Hate, prejudice will always exist in the world. It will never stop. More importantly, it is important to remember that each and every people hates, is prejudiced, and is terrible to others. Not a single group avoids these social errors, but you would never guess that from the discussion today.

 

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41 minutes ago, Storm Rider said:

In today's world the Black people are free from sin and everyone else needs to be burned at the stake for their evilness. It is not a solution and will not end well. Worse, not a single people will learn anything. 

 

No, that's not it at all and is not what people have been saying to you here.

Edited by Meadowchik
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1 hour ago, Meadowchik said:

No, that's not it at all and is not what people have been saying to you here.

I deleted that sentence; it was not the main topic, but obviously was a trigger for you. 

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11 hours ago, NoahVail said:

I eventually learned it was unhelpful to conflate one group's hardships with someone else's.  I did that a lot but it turned out I was always muddying the water. 

For any connection or clarity I've managed, that came thru considering other people's adversity on it's own terms and in it's own space. Basically, I just needed to respect it.

Wise words.

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38 minutes ago, Storm Rider said:

I deleted that sentence; it was not the main topic, but obviously was a trigger for you. 

I wouldn't say trigger, but it was a strawman and deleting it was a good choice imo.

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On 8/3/2020 at 10:34 AM, smac97 said:

It usually ends up that way.

The biggest opponents of free market capitalism are usually advocates of socialism/communism.  Quite often they don't come right out and say this, though, which is why I was pointing it out.

These opponents are also the ones who seek to use the capitalism-is-bad-because-it-had-something-to-do-with-antebellum-slavery argument you are advancing here.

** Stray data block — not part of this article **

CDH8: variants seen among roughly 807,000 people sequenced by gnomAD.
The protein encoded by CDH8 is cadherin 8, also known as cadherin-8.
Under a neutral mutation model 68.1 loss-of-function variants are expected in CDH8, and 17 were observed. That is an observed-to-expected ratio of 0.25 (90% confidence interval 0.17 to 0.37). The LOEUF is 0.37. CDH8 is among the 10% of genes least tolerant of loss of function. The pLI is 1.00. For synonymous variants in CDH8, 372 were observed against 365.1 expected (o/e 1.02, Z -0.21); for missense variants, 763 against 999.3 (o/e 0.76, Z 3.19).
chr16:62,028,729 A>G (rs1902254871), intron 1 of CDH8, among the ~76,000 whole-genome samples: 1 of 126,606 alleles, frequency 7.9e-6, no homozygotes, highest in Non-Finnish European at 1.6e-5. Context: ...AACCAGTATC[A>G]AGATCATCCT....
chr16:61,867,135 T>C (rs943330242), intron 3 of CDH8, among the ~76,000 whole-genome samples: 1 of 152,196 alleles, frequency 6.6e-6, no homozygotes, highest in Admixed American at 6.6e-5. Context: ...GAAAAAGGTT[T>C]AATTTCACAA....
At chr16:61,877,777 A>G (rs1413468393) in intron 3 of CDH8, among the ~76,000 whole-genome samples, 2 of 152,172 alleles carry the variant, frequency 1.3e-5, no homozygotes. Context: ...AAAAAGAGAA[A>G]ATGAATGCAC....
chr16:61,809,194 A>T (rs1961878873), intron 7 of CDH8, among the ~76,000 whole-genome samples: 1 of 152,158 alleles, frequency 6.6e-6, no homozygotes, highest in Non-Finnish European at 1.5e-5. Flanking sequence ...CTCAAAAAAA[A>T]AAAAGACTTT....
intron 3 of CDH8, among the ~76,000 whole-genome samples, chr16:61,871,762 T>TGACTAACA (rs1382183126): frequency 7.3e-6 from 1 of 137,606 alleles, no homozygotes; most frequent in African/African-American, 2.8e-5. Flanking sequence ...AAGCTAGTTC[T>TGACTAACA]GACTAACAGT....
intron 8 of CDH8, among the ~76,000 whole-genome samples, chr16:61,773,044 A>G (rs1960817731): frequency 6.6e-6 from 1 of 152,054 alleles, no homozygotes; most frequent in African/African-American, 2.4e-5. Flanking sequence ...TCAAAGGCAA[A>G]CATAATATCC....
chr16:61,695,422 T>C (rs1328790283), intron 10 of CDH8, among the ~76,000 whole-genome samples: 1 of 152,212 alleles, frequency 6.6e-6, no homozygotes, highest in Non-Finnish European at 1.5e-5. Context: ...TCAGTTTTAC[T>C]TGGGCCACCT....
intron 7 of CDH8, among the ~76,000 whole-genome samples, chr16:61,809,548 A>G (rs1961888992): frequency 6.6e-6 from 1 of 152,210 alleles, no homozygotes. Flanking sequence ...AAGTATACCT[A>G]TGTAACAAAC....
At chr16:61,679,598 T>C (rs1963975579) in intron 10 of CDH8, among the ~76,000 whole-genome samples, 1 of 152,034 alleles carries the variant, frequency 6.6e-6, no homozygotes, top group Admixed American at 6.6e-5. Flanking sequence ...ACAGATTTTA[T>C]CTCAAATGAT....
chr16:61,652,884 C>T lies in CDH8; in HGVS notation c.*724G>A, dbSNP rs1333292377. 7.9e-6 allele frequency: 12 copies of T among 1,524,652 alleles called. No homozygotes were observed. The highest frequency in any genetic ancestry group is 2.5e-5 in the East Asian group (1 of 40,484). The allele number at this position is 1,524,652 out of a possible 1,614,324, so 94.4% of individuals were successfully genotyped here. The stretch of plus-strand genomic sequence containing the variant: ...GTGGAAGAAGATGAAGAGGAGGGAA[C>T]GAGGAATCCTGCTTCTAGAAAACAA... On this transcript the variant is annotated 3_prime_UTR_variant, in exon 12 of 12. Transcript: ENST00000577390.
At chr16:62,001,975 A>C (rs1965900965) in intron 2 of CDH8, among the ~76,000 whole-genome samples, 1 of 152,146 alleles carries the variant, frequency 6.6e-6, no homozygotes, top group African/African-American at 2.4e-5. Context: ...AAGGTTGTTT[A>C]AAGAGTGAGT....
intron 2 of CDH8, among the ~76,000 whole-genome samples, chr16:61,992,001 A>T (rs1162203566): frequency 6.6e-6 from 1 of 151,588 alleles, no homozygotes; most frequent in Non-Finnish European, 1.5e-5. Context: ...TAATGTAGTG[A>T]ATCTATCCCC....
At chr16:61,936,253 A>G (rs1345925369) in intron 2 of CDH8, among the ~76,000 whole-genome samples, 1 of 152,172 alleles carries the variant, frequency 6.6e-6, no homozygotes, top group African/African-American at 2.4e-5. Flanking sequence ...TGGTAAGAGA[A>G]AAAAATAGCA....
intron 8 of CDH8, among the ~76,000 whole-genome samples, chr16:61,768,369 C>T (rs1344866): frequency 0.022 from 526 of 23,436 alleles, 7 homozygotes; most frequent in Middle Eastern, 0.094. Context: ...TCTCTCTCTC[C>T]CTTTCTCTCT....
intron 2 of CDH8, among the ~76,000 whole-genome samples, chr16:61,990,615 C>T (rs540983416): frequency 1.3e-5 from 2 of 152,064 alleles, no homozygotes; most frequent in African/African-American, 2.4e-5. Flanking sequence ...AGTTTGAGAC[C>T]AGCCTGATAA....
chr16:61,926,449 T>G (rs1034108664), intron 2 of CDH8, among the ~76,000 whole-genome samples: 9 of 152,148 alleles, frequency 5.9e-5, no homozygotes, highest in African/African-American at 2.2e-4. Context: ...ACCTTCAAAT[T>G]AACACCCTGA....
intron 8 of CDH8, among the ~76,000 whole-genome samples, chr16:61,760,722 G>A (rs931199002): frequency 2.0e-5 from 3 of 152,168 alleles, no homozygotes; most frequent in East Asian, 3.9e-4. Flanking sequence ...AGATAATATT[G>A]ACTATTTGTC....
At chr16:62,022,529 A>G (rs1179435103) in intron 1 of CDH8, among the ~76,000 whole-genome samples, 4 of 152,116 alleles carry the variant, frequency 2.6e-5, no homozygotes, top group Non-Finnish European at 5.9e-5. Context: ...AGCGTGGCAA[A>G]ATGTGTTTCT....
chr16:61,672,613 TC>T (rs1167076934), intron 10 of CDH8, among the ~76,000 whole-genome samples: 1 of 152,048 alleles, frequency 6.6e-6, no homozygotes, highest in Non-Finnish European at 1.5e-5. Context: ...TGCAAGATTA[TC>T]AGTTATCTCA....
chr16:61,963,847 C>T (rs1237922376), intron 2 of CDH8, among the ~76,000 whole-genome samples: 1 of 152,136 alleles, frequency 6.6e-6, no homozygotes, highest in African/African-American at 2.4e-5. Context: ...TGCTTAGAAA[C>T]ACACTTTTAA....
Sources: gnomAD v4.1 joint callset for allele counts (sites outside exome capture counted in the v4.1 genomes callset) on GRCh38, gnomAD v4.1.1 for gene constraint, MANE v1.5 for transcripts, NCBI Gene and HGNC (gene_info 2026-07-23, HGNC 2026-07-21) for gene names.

Racism is a great evil.  We agree on this.

Slavery was (and is) a great evil.  We agree on this.

Actually, the "point" you made that precipitated the current discussion was you attempting to disparage capitalism by tying it to slavery:

  • "In terms of America history, racism is wrapped up in its capitalism. The ownership and exploitation of Black bodies to build wealth came first. Racism was the rationale used to continue it."
  • "Do you think that American slavery was not intertwined with capitalism? Are you saying that slavery was not used to build wealth in the United States?"
  • "Slavery was enabled by capitalism."

I have disagreed with this idea, and have presented arguments and reasoning as to why.

And, with respect, I think it's fairly presumptuous of you to assert or suggest that "want{ing} to oppose racism in America" necessarily requires me to join you in denouncing the greatest and most liberating economic system every devised by man.

And again, virtually all attempts to tie slavery to "capitalism" come from advocates of socialism/communism.

In the economy of the South, yes.  In the economy that was hugely inferior to the free market (and not-based-on-slavery) economy of the North.

Thanks,

-Smac

Ending Slavery Made America Richer

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45 minutes ago, jerryp48 said:

Americans were enriched by slavery while the enslaved persons were, by definition, not enriched by it and furthermore were not compensated for state-sanctioned human rights violations and theft of their lifetimes and bodies for others' use.

These seem like arguments that distract from the central moral failing of slavery and important wounds it inflicted.

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33 minutes ago, Meadowchik said: